Sex-Related Differences in Calcific Aortic Stenosis
Aortic valve stenosis (AS) is a common valve disease that increases in prevalence with aging. AS results in progressive calcium deposition, decreased cusp excursion, and stenosis, and the majority of the weight of an operatively excised valve with AS is thought to be the result of calcium. Sex-related differences in excised aortic valve weight (AVW) have been studied, and calcific aortic valve stenosis is typically associated with less calcium burden in women than in men.
To address potential confounders in the observed sex differences in AVW and aortic valve calcium burden, Mayo Clinic researchers, first author Jeremy Thaden, M.D., conducted a study published in the European Heart Journal. The study sought to describe sex-related differences in clinical and echocardiographic characteristics of patients undergoing surgery for pure AS, determine clinical, echocardiographic, and valve morphology determinants of AVW, and correlate AVW with pre-operative aortic valve CT calcium score.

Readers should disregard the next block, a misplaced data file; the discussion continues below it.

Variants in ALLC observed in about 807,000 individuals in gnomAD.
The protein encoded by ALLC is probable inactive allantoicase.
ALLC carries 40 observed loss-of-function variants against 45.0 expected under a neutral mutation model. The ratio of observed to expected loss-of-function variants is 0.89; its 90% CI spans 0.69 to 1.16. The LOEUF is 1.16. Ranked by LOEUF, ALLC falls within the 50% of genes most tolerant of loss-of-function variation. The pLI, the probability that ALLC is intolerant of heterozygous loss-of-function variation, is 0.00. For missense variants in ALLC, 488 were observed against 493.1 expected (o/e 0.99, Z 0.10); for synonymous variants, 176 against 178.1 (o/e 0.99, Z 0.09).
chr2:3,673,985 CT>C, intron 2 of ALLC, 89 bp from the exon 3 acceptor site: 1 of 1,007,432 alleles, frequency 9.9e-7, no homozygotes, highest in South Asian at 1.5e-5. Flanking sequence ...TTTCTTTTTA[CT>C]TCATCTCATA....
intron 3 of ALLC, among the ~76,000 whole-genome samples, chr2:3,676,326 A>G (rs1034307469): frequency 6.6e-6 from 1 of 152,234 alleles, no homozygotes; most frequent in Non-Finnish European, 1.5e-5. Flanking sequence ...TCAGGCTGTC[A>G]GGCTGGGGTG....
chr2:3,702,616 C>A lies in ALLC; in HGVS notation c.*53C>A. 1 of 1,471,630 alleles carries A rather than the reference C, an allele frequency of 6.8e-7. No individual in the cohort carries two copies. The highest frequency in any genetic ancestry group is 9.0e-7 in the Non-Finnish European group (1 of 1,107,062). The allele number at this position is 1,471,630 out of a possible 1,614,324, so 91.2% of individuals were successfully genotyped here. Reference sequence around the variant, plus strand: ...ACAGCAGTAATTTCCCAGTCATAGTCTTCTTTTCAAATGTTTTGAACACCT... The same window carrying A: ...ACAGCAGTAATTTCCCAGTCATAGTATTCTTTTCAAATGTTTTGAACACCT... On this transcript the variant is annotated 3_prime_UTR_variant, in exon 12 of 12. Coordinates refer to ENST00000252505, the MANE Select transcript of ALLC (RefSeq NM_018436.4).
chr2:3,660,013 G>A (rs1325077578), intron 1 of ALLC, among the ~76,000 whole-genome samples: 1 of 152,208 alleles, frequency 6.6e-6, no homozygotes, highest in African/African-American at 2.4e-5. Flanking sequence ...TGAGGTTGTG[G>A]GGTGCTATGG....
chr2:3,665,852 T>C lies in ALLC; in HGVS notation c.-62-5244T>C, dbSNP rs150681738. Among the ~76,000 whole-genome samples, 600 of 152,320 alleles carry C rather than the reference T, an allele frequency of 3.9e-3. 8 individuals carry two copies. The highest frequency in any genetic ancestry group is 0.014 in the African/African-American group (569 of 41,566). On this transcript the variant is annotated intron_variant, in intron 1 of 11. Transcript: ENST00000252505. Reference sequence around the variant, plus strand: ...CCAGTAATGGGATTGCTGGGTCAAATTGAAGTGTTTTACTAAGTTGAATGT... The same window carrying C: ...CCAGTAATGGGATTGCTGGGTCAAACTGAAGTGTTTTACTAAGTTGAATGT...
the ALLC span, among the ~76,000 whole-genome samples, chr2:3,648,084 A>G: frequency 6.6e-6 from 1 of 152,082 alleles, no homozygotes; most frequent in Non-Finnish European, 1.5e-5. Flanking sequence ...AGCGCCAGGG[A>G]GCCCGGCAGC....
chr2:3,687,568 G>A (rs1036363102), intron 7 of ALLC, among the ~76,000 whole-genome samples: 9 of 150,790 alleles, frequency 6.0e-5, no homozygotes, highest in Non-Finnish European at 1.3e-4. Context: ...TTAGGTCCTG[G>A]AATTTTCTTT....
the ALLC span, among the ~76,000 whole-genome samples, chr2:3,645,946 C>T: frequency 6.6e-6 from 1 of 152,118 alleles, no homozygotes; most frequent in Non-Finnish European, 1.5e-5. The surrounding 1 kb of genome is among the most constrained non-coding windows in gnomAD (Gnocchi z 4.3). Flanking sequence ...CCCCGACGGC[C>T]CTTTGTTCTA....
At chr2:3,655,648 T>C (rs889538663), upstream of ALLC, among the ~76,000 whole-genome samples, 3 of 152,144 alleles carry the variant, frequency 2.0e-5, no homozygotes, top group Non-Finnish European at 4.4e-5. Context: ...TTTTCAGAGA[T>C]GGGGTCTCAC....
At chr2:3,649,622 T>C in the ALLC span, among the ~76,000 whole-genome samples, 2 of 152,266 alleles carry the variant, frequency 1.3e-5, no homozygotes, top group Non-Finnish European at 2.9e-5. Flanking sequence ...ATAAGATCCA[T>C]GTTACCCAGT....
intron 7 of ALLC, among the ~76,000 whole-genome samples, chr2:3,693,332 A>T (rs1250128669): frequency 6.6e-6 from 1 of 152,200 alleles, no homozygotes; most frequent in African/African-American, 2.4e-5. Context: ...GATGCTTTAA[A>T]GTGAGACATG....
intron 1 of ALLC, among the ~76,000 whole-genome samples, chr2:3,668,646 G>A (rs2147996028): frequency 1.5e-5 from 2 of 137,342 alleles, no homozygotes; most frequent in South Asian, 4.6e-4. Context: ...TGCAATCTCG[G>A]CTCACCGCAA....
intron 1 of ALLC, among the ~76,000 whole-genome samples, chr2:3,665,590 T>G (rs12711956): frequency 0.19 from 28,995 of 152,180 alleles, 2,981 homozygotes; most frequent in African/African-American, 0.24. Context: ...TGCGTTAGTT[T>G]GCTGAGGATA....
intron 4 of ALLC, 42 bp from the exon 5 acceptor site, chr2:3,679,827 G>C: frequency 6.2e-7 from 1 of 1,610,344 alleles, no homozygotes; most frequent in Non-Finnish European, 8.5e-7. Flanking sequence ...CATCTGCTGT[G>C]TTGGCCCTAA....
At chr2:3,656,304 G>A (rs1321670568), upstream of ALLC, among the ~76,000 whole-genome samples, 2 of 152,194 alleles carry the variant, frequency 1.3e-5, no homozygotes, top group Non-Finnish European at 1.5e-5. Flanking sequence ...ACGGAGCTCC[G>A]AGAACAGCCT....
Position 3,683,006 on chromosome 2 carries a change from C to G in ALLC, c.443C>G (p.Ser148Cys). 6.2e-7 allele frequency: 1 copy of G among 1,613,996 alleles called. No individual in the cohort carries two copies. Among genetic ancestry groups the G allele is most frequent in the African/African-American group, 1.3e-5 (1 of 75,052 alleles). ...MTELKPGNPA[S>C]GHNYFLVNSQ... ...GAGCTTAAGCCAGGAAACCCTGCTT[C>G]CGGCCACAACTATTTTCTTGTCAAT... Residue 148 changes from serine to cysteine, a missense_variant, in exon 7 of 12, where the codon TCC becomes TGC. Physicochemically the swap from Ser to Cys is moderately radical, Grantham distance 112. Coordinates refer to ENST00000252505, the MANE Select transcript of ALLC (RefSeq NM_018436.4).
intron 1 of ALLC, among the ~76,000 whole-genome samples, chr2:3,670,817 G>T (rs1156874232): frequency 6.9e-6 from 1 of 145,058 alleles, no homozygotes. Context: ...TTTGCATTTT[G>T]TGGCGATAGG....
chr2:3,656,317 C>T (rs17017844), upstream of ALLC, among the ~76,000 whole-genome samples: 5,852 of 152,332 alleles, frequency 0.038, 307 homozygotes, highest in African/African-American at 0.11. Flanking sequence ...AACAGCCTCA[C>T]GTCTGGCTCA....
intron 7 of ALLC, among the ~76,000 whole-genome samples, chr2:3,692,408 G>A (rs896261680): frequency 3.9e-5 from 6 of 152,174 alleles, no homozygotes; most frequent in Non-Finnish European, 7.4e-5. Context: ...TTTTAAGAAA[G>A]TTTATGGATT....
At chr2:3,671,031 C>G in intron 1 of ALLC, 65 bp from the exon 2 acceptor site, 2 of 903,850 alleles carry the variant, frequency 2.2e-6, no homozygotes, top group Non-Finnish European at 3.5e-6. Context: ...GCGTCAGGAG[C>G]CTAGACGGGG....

The results indicated that aortic valve weight was lower in women even when indexed to body surface area or left ventricular outflow tract (LVOT) area. Using multivariate analysis, male sex, bicuspid valve, and larger LVOT area were the major determinants of increased AVW, along with current cigarette smoking. Diabetes and hypertension were independently associated with lower AVW. Aortic valve calcium correlated well with AVW and was lower in women than in men.
In conclusion, despite the same degree of AS severity, women have less aortic valve calcium and lower AVW compared with men, irrespective of valve morphology. Further, aortic valve calcium is correlated to excised AVW.